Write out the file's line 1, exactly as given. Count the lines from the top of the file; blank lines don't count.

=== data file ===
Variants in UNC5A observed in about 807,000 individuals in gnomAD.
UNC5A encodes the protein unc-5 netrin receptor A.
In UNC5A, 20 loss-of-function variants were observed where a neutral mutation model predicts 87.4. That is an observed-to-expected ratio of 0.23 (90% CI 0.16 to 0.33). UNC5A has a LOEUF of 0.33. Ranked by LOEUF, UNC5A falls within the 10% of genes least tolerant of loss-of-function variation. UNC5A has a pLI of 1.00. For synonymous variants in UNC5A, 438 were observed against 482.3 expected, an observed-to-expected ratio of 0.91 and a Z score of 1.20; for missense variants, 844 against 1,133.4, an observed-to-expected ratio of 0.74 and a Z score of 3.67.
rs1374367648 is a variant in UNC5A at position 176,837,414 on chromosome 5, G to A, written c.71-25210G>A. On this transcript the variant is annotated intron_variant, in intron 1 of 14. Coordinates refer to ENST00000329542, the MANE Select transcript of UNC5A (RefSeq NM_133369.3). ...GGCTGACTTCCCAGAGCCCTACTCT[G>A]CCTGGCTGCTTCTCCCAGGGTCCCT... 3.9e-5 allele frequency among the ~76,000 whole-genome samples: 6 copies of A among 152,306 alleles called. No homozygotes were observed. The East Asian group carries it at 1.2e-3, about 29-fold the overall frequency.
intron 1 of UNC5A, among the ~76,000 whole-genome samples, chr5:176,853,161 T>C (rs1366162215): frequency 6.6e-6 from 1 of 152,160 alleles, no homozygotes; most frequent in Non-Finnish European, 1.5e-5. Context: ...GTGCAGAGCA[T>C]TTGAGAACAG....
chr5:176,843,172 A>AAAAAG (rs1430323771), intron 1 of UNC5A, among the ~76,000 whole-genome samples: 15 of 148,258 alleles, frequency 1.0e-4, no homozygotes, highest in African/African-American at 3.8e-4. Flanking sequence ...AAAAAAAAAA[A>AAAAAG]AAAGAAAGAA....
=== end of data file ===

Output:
Variants in UNC5A observed in about 807,000 individuals in gnomAD.